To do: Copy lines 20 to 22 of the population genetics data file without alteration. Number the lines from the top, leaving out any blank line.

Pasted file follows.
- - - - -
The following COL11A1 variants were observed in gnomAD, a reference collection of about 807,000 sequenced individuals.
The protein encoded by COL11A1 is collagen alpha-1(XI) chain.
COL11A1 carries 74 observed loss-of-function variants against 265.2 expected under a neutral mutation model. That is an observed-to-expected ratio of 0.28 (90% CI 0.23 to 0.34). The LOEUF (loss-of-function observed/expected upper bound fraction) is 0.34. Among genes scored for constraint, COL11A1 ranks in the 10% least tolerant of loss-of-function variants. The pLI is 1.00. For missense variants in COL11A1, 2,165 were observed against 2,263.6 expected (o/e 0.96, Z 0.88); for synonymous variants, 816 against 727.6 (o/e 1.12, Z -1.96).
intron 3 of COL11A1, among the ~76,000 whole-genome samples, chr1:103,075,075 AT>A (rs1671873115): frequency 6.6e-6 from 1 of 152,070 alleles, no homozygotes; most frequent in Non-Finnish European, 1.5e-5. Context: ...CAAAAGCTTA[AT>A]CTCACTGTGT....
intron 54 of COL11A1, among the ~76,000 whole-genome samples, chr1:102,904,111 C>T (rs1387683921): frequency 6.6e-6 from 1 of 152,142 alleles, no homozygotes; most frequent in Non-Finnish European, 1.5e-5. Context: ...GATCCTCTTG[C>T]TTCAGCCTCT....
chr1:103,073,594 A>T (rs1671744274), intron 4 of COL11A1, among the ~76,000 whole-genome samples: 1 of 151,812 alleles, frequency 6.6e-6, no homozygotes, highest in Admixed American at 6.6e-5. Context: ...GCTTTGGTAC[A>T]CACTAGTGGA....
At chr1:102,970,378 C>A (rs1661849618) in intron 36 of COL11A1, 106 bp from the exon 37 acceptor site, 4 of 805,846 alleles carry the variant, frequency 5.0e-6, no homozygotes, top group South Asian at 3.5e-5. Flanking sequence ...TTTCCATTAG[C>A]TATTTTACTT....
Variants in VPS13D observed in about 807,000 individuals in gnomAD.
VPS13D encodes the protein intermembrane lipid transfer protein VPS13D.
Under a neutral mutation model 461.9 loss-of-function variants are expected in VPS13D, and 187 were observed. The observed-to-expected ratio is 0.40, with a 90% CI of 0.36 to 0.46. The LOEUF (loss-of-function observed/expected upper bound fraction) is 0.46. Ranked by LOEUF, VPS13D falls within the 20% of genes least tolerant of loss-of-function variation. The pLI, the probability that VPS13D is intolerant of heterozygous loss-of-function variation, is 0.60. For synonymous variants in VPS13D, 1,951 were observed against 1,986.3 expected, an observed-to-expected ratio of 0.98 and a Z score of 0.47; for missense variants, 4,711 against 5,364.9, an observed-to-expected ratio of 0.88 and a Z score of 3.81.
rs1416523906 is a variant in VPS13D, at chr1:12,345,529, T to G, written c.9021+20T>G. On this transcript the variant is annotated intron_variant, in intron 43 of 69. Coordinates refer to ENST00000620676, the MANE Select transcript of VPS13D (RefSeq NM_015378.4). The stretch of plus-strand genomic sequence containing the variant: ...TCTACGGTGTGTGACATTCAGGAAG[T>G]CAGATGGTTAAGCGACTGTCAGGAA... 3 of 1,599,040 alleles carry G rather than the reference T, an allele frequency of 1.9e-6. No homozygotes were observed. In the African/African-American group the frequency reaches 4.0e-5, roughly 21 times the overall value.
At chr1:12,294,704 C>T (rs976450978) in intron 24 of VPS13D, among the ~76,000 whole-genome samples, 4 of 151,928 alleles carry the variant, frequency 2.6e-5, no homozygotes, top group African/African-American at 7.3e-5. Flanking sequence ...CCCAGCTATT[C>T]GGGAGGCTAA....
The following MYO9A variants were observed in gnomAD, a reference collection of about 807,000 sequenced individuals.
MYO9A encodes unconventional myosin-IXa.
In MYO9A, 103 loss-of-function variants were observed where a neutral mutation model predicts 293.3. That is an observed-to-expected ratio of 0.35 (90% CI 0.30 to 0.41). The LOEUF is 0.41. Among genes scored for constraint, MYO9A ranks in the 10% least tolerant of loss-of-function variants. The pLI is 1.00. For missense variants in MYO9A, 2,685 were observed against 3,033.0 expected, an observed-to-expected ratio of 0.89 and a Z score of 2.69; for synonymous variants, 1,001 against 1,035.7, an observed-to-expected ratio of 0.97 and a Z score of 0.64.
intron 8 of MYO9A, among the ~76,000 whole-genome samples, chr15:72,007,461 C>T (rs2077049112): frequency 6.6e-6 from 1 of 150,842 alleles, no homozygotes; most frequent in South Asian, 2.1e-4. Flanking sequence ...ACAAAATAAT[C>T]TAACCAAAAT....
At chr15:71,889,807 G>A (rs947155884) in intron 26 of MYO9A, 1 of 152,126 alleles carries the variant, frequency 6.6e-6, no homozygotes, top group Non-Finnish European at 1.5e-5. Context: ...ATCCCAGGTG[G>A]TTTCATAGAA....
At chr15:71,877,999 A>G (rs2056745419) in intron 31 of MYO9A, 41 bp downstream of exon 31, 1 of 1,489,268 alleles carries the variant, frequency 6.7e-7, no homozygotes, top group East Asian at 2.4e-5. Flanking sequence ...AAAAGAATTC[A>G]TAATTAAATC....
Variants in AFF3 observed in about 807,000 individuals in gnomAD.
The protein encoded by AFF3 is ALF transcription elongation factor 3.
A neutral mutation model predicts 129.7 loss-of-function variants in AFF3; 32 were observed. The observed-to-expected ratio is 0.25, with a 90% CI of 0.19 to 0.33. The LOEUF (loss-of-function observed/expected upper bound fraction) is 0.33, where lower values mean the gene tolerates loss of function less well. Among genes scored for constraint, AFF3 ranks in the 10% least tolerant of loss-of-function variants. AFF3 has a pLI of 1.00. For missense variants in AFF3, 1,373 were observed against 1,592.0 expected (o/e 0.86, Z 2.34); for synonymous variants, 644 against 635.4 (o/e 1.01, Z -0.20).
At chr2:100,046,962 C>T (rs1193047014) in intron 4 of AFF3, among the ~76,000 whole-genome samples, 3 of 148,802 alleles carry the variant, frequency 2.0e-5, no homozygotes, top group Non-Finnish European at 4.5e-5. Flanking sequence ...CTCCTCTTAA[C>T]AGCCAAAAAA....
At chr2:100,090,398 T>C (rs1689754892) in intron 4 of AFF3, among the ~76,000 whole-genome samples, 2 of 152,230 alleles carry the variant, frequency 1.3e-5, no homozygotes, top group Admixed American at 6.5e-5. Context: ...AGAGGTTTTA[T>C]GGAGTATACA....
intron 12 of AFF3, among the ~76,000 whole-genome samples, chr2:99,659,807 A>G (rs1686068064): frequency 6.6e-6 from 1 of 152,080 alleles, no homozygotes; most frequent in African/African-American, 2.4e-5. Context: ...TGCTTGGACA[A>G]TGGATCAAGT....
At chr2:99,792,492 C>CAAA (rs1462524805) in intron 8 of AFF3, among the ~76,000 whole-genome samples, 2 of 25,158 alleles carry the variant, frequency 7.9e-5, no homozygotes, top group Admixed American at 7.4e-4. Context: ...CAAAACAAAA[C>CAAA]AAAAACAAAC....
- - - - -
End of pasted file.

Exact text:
The protein encoded by AFF3 is ALF transcription elongation factor 3.
A neutral mutation model predicts 129.7 loss-of-function variants in AFF3; 32 were observed. The observed-to-expected ratio is 0.25, with a 90% CI of 0.19 to 0.33. The LOEUF (loss-of-function observed/expected upper bound fraction) is 0.33, where lower values mean the gene tolerates loss of function less well. Among genes scored for constraint, AFF3 ranks in the 10% least tolerant of loss-of-function variants. AFF3 has a pLI of 1.00. For missense variants in AFF3, 1,373 were observed against 1,592.0 expected (o/e 0.86, Z 2.34); for synonymous variants, 644 against 635.4 (o/e 1.01, Z -0.20).
At chr2:100,046,962 C>T (rs1193047014) in intron 4 of AFF3, among the ~76,000 whole-genome samples, 3 of 148,802 alleles carry the variant, frequency 2.0e-5, no homozygotes, top group Non-Finnish European at 4.5e-5. Flanking sequence ...CTCCTCTTAA[C>T]AGCCAAAAAA....